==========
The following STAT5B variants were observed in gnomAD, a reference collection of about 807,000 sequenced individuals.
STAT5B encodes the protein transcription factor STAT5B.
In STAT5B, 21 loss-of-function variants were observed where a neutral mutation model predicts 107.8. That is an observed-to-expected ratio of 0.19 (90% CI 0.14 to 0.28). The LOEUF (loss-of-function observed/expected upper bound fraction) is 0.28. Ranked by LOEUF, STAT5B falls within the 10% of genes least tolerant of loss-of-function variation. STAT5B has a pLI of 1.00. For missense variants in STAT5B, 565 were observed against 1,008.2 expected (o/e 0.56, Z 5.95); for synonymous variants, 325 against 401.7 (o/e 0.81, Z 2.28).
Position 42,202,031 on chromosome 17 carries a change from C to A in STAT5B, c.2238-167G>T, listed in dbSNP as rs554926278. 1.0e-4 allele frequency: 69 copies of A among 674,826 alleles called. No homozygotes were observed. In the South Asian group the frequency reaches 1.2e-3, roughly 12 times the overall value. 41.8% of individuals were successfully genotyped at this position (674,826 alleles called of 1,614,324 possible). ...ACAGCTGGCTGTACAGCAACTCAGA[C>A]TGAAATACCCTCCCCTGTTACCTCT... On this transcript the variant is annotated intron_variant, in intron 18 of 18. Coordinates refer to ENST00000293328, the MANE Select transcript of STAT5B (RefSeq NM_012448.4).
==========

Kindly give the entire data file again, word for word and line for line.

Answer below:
The following STAT5B variants were observed in gnomAD, a reference collection of about 807,000 sequenced individuals.
STAT5B encodes the protein transcription factor STAT5B.
In STAT5B, 21 loss-of-function variants were observed where a neutral mutation model predicts 107.8. That is an observed-to-expected ratio of 0.19 (90% CI 0.14 to 0.28). The LOEUF (loss-of-function observed/expected upper bound fraction) is 0.28. Ranked by LOEUF, STAT5B falls within the 10% of genes least tolerant of loss-of-function variation. STAT5B has a pLI of 1.00. For missense variants in STAT5B, 565 were observed against 1,008.2 expected (o/e 0.56, Z 5.95); for synonymous variants, 325 against 401.7 (o/e 0.81, Z 2.28).
Position 42,202,031 on chromosome 17 carries a change from C to A in STAT5B, c.2238-167G>T, listed in dbSNP as rs554926278. 1.0e-4 allele frequency: 69 copies of A among 674,826 alleles called. No homozygotes were observed. In the South Asian group the frequency reaches 1.2e-3, roughly 12 times the overall value. 41.8% of individuals were successfully genotyped at this position (674,826 alleles called of 1,614,324 possible). ...ACAGCTGGCTGTACAGCAACTCAGA[C>A]TGAAATACCCTCCCCTGTTACCTCT... On this transcript the variant is annotated intron_variant, in intron 18 of 18. Coordinates refer to ENST00000293328, the MANE Select transcript of STAT5B (RefSeq NM_012448.4).